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UCLA study finds that some neurological cells may affect Alzheimer’s disease

(Megan Wu/Daily Bruin)

By Leila Okahata

Nov. 14, 2022 12:07 a.m.

Correction: The original version of this article misquoted Baljit Khakh as saying that with the genetic data of astrocytes in human brains afflicted with Alzheimer’s disease the same genes associated with complex astrocyte structures were expressed, while the genes associated with simple astrocyte structures were not. In fact, the same genes associated with complex astrocyte structures were turned off while the genes associated with simple astrocyte structures were turned on.

This post was updated Nov. 17 at 7:17 p.m.

A recent UCLA study found that astrocytes, star-shaped cells in the brain, may play a role in Alzheimer’s disease progression and be a potential target for future therapies.

According to Baljit Khakh, a senior author of the study published Nov. 4 and a professor in the departments of neurobiology and physiology, astrocytes are a relatively understudied cell type. He said his initial motivation for the project was to better understand their structure and distribution across the brain. However, as he and his team were analyzing the genes that underlie these cells’ complex, bushy structure within mouse brains, they unexpectedly found a subset of genes related to increased risk of Alzheimer’s disease, he said.

“This doesn’t often happen in science,” Khakh said. “But it illustrates that having an open mind and asking basic questions is still a good way to discovery.”

This finding led the team to wonder if astrocytes’ structure might be altered in Alzheimer’s disease, Khakh said. To test this hypothesis, researchers turned off the genes related to astrocytes’ bushy shape, making them structurally smaller and simpler, in a part of the brain known as the hippocampus, said Fumito Endo, lead author of the study and an associate project scientist in Khakh’s lab. According to the study, the mice displayed cognitive impairments and performed poorly on memory tests as a result of the change.

The team also examined the genetic data of astrocytes in human brains afflicted with Alzheimer’s disease and found that the same genes associated with complex astrocyte structures were not expressed, while the genes associated with simple astrocyte structures were, Khakh said.

Although these results imply that astrocytes are potential factors in Alzheimer’s disease, it is unknown whether the transition to simpler cell shapes for astrocytes is a cause of Alzheimer’s disease or a symptom of it, Khakh said. These findings further illustrate the complexity of Alzheimer’s disease as, according to the Alzheimer’s Association, the onset and progression of the disease may not have a singular cause.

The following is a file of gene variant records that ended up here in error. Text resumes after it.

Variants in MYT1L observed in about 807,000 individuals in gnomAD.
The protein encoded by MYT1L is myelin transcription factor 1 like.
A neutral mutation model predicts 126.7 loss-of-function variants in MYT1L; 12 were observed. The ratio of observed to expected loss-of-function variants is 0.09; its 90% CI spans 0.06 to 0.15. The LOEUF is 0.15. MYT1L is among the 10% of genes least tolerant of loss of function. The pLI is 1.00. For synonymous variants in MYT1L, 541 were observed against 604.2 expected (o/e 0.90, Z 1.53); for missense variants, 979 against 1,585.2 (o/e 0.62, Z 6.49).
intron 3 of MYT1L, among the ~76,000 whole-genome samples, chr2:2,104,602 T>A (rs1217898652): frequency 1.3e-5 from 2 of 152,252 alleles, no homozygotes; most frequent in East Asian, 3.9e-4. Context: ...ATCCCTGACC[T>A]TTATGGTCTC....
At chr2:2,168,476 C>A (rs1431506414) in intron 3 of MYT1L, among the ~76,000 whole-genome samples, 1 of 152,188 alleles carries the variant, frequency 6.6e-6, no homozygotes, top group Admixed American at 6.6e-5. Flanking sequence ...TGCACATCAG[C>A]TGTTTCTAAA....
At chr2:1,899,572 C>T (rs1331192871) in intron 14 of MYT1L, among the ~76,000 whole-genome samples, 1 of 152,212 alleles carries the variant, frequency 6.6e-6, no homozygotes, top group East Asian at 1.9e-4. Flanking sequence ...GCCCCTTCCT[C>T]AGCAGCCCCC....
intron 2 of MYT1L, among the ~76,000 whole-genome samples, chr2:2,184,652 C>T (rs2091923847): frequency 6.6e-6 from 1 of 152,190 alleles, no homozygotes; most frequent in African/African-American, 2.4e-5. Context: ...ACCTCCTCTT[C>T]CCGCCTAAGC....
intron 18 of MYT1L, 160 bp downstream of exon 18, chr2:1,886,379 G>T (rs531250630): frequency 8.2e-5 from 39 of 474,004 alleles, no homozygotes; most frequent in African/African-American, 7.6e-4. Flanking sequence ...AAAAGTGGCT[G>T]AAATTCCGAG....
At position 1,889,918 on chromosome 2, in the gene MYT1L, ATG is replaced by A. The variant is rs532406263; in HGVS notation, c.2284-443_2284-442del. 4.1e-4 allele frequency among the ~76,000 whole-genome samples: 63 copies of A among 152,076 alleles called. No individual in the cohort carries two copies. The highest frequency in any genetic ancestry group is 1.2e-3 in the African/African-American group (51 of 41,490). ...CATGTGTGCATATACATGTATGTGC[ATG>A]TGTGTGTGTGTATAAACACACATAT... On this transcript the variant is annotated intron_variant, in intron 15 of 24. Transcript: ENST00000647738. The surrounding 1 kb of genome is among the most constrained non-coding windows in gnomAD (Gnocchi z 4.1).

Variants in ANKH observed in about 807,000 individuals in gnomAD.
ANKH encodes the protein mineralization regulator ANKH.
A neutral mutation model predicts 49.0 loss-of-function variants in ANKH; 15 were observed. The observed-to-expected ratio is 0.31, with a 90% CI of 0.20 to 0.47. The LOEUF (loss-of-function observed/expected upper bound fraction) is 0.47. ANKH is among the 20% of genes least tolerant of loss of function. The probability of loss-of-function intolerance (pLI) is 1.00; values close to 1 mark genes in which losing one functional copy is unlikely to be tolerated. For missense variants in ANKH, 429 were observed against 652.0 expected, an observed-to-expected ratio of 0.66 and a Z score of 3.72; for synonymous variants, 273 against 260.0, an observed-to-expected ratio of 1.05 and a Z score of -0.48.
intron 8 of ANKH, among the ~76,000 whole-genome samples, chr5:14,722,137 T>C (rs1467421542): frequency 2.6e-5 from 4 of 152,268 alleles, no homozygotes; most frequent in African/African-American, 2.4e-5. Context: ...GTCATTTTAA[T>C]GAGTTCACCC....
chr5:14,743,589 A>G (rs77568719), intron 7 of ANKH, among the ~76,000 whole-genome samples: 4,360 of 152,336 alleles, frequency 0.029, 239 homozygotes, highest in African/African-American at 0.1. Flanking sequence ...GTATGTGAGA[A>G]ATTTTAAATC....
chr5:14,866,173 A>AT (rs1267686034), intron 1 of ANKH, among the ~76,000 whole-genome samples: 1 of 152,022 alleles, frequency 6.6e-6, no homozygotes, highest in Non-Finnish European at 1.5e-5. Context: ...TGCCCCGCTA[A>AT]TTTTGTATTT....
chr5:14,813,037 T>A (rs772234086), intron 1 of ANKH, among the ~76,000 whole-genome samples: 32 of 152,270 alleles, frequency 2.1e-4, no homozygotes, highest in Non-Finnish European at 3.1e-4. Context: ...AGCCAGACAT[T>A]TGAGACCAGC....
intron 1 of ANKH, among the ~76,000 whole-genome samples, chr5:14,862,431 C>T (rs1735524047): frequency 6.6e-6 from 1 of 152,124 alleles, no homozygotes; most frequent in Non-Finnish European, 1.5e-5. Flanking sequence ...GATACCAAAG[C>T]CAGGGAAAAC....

“In complex brain diseases like Alzheimer’s, it’s very simplistic to think of them as affecting one cell type, either the neurons, astrocytes, microglia, or blood vessels,” Khakh said. “It’s likely that they affect all of these cell types and, at some point, those of us who are interested in the field will have to converge and start treating them as multicellular diseases.”

Nevertheless, with further research, restoring astrocyte shapes may be a beneficial treatment for not only Alzheimer’s disease, but also other central nervous system disorders such as Huntington’s disease and multiple sclerosis, Endo said. Astrocytes could be similarly smaller and simpler in these disorders, he added.

Astrocytes have traditionally been regarded as cells that simply attach neurons together, but advanced research has revealed these cells to be important for providing neurons with nutrients and aiding blood flow in the brain, Khakh said. To expand scientific understanding of astrocytes, this study also provides a dataset of the morphological and genetic features of astrocytes within 13 brain regions, he said.

Jessica Rexach, an assistant professor-in-residence of neurology, said this dataset will become an important tool for researchers in astrocyte biology for many years to come.

“This is really that resource … that we’ve been needing in the field,” she said. “And so quite concretely and quite practically, I will be using it for experiments that I’ve wanted to do but haven’t been able to because I haven’t had just the right datasets to do it with until now.”

Khakh said the researchers now have many new questions to answer about astrocytes and their role in the brain and body.

“We’re beginning to think that they may be active players in how the nervous system works and how it becomes dysfunctional in disease,” Khakh said. “Now, we don’t know exactly how this happens, we don’t know exactly how they contribute to functions of neurons, and we don’t know exactly how they change in disease, but that’s what we’re trying to do.”

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Leila Okahata
Okahata is a News reporter on the science and health beat. She is a fourth-year microbiology, immunology and molecular genetics student minoring in professional writing.
Okahata is a News reporter on the science and health beat. She is a fourth-year microbiology, immunology and molecular genetics student minoring in professional writing.
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